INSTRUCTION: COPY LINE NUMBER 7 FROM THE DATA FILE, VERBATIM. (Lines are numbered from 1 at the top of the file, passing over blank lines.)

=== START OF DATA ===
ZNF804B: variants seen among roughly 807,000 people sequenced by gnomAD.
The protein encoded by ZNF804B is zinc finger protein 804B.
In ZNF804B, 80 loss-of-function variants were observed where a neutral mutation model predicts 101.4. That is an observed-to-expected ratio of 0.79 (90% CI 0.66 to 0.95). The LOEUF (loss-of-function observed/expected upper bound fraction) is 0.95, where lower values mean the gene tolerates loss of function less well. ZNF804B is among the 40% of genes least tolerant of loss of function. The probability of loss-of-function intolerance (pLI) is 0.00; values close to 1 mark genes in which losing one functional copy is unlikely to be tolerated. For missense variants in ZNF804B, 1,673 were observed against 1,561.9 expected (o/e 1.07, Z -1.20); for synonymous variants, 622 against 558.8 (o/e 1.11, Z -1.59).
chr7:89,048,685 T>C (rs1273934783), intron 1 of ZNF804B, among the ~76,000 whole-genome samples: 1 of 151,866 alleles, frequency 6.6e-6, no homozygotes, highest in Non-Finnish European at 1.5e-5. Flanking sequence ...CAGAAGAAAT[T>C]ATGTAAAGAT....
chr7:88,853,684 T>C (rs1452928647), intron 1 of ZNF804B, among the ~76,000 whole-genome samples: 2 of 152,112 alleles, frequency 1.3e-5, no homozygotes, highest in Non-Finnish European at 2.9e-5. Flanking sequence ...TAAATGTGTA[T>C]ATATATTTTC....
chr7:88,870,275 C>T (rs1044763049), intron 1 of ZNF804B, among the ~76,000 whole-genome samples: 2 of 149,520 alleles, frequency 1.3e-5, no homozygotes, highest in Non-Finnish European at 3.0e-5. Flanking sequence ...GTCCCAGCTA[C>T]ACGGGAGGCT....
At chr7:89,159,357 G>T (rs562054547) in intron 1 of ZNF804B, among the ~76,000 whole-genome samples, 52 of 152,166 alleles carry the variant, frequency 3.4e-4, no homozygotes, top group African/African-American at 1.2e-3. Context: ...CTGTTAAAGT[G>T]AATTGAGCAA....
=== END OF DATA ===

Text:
At chr7:89,159,357 G>T (rs562054547) in intron 1 of ZNF804B, among the ~76,000 whole-genome samples, 52 of 152,166 alleles carry the variant, frequency 3.4e-4, no homozygotes, top group African/African-American at 1.2e-3. Context: ...CTGTTAAAGT[G>T]AATTGAGCAA....